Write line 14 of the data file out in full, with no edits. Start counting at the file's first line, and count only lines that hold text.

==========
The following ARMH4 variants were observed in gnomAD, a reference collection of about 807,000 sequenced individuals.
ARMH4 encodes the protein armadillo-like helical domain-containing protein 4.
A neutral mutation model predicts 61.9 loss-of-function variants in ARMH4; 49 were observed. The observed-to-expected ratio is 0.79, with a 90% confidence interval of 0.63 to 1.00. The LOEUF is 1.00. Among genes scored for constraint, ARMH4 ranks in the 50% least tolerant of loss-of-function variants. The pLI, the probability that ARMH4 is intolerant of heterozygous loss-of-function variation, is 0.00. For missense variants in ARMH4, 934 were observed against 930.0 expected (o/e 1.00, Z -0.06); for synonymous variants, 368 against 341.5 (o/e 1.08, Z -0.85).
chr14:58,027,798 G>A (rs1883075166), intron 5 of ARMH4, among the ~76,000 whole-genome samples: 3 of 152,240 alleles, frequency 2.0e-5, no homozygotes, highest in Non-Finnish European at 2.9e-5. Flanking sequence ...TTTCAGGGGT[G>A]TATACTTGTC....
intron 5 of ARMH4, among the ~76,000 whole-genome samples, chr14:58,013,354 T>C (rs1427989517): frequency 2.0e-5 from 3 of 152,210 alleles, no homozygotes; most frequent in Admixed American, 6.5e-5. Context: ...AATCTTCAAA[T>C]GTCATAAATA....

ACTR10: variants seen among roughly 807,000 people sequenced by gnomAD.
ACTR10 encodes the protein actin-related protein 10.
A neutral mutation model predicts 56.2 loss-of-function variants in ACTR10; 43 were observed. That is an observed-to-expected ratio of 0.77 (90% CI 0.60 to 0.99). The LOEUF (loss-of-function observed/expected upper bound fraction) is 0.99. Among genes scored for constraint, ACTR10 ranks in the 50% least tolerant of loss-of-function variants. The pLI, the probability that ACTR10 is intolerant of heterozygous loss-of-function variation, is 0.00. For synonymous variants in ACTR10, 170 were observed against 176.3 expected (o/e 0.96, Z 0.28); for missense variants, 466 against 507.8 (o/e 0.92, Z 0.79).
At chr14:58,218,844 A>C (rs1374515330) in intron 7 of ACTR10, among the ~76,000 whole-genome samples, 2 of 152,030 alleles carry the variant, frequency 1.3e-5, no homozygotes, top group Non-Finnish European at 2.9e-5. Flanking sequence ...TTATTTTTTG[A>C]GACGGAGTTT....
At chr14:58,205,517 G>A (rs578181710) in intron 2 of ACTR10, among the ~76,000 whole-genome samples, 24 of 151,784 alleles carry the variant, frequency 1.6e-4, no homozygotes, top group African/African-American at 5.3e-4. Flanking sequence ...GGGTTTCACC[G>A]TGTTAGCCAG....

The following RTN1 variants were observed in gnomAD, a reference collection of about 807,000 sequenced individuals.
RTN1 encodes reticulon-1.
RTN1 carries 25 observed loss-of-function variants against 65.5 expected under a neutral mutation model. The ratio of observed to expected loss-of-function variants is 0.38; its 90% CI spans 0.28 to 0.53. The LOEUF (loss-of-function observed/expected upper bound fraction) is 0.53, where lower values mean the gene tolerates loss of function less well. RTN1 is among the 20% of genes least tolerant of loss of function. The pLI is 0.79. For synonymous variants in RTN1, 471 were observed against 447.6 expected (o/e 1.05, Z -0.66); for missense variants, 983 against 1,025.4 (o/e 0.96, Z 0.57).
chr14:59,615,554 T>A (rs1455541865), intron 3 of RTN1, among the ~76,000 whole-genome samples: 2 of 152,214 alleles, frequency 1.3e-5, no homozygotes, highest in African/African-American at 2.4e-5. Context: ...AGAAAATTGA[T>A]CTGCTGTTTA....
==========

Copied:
chr14:59,615,554 T>A (rs1455541865), intron 3 of RTN1, among the ~76,000 whole-genome samples: 2 of 152,214 alleles, frequency 1.3e-5, no homozygotes, highest in African/African-American at 2.4e-5. Context: ...AGAAAATTGA[T>A]CTGCTGTTTA....